THE BAY (2012) – Found Footage Horror Film Frightens

TheBayPosterStreaming Video Review:  THE BAY (2012)

by

Michael Arruda

Keep away from the bay! —- the body of water, that is, not the movie.

I was pointed in the direction of THE BAY (2012) by some folks at NECON who spoke very highly of it.  THE BAY is a found-footage horror movie by acclaimed director Barry Levinson, and after catching this one on streaming video, I’d have to say that I agree with my NECON friends that THE BAY is definitely a movie worth viewing.

THE BAY recounts events from a 2009 4th of July festival in Chesapeake Bay, Maryland, in which hundreds of people died and all video footage of the tragedy was confiscated by the government— of course—until now.  That’s because former reporter Donna Thompson (Kether Donohue) has put together documentary footage that will reveal the truth from that day for the first time.

Thompson provides the narration which pieces the story together in an interview where she looks back at the events of that day, when she was a young reporter on her first assignment, a human interest story covering the Fourth of July celebration, and so much of the footage comes from her cameraman.  But there are other sources as well.

There’s footage of two marine biologists who are investigating a strange parasite found inside the fish inside the bay.  The bodies of these two biologists turn up dead, victims of an “apparent shark attack.”

Things begin on the 4th like any other day, except that soon people begin to break out in horrendous rashes and boils, and they grow violently ill.  The perpetrator here is the parasite discovered by the biologists, and what it does is enter its victims’ bodies, and then eat them out from the inside, feasting on their internal organs until they eat their way out of their victims.  Nice!

The reason this is happening is the unscrupulous mayor (Frank Deal) has carelessly allowed a humongous chicken plant to dump its chicken feces into the water, feces that are chock full of steroids and growth hormones intended to produce ultra plump chickens, but the unintended side effect is that they also produced monstrous parasites which now infest the bay.

THE BAY is a satisfying thriller for several reasons.  The number one reason, and the reason I liked this movie as much as I did, is the strong central performance by Kether Donohue as reporter Donna Thompson.  While she’s okay as the frightened newbie reporter in the found footage scenes, she knocks the ball out of the park as the seasoned survivor of the ordeal looking back at it several years later.  Her performance as the narrator is first-rate.  She’s the glue that holds the movie together.

I also liked that THE BAY was based on truth.  Unless you’ve had your head stuck in the sand the past few years, you’re probably aware that the food industry in the United States has been under heavy scrutiny, and rightly so.  The back story of the chicken plant comes off as plausible, mostly because plants like this exist, and the idea that they would allow contaminants into the water is not unrealistic.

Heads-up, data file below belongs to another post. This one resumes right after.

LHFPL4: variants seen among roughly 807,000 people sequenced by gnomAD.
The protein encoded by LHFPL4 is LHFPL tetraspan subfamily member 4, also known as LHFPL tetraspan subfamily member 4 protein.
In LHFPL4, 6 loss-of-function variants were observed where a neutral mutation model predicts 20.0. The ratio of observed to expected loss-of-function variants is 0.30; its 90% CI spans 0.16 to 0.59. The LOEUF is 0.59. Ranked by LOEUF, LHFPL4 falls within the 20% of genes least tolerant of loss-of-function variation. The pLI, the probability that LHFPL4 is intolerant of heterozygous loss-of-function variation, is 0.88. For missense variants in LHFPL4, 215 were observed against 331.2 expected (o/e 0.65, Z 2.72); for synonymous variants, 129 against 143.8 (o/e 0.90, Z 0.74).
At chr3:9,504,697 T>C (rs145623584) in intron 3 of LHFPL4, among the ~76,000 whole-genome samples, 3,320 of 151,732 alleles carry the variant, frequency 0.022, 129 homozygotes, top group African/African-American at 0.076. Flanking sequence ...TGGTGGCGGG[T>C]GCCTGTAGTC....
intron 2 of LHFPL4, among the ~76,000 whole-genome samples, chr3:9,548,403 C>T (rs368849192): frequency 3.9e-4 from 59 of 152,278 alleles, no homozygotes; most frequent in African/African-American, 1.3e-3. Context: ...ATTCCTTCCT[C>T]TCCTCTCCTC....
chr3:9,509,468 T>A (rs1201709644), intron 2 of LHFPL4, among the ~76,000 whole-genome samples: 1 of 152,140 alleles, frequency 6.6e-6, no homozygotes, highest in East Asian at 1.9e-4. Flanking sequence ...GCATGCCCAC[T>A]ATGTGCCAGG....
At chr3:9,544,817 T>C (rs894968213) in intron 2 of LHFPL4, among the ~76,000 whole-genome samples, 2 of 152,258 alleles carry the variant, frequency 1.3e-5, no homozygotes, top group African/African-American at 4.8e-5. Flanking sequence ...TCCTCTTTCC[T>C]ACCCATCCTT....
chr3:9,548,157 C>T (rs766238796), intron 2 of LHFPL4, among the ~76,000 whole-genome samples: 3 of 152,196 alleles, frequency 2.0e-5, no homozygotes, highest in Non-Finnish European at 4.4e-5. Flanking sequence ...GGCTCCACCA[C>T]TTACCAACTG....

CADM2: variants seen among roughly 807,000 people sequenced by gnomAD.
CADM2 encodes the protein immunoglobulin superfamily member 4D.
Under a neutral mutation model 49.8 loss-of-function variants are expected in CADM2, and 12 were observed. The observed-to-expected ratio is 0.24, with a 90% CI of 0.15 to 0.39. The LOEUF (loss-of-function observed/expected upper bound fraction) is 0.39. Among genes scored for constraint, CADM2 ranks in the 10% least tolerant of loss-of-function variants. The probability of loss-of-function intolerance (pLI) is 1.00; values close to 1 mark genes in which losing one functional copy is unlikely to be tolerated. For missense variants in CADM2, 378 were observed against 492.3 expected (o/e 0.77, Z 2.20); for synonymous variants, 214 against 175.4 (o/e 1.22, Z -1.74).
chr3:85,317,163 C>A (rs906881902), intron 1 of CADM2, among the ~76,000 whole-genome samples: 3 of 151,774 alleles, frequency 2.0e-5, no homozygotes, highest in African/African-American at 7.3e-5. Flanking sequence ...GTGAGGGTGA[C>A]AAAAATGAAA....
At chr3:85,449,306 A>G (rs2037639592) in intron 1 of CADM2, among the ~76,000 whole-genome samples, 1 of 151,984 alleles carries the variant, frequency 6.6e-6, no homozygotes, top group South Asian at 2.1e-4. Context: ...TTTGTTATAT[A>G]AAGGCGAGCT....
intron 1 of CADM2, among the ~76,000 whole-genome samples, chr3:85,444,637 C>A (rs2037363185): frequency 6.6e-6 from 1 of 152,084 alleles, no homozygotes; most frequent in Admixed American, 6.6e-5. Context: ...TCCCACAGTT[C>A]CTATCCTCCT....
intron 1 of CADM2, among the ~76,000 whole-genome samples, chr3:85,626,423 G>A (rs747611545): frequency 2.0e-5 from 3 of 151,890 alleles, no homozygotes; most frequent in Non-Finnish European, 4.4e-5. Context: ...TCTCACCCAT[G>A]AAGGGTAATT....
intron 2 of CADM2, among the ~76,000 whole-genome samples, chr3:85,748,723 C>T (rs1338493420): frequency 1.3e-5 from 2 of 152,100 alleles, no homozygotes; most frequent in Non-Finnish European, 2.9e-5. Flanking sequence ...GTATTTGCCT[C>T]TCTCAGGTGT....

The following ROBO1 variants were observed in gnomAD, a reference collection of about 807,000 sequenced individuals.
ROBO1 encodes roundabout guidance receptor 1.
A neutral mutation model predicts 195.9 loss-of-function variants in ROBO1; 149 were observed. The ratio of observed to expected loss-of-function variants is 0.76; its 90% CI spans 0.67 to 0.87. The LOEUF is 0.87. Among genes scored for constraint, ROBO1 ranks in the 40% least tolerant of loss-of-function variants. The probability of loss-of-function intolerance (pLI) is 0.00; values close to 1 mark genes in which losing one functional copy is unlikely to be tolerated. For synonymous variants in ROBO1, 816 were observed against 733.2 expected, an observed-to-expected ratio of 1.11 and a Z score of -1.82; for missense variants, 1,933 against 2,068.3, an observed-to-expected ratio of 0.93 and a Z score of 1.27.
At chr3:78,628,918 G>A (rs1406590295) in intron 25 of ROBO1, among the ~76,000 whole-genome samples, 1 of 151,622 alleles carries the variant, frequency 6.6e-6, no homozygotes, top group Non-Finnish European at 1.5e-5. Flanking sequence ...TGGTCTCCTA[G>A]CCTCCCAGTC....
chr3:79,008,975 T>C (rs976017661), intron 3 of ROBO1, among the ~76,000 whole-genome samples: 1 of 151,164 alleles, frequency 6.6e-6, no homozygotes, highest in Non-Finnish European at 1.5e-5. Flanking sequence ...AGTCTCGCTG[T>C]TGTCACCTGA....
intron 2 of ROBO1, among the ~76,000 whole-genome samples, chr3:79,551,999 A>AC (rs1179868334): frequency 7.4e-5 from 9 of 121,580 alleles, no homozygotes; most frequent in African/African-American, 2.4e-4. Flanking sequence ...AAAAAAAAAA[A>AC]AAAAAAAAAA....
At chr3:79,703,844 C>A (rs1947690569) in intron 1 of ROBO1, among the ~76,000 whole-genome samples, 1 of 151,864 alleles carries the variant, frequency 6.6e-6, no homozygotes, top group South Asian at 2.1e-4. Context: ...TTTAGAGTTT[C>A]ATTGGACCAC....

And THE BAY is also a decent horror movie.  There are some neat, nail biting scenes and plenty of scares throughout.  The scenes showing the parasites eating their victims from the inside out are wince inducing.  I also liked the scenes where young Donna is reporting from the empty dock and suddenly screams erupt in the distance all around her.  It’s very very creepy.

The found footage style works here, and it’s a nice job by veteran director Barry Levinson, who’s not known for his genre work.  Levinson is best known for his early films, DINER (1982), THE NATURAL (1984), and RAIN MAN (1988) to name a few.

Michael Wallach wrote the believable screenplay, and it works as well as it does because in addition to the necessary thrills and chills, its background story is a credible one. Even though the horror elements of THE BAY are all there in their gory glory, the film plays like a documentary and so the thrills are all the more disturbing.

While Kether Donohue steals the movie as reporter Donna Thompson, there are a couple of other notable acting performances as well.  Robert C. Treveiler stands out as CDC Dr. Williams, who listens in disbelief and helplessness as he receives reports from the local doctor about what’s going on in Chesapeake Bay

And Frank Deal makes for a slimy Mayor John Stockman, a character who know doubt went to the Murray Hamilton school for mayors.  Hamilton of course played Mayor Vaughn in JAWS (1975), the guy who wanted to keep the beaches open in spite of the fact there was a 25 foot great white shark in the water constantly seeking its next meal.

Speaking of JAWS, while that classic frightened moviegoers everywhere and took the fun out of swimming, after watching THE BAY, you’re not going to be too keen on swimming either, nor drinking water or eating seafood— or even eating chicken for that matter!

If there’s anything that hurts this movie, it’s the fact that the parasites remain mostly unseen.  The film could have used a more tangible threat.  I think this is one reason why the movie may have flown under most people’s radar.  It comes in so strongly on the documentary side, that it almost masks its horror elements, which is too bad, because the horror elements are all there.  THE BAY is quite graphic and scary to boot.

All in all, I liked THE BAY a lot and highly recommend it.  If you’re in the mood for some summer thrills, and want something a bit more realistic than SHARKNADO (2013), take a trip to THE BAY.

Just don’t stay for dinner.  Because if you do, you’re the one who will be on the menu.

—END—

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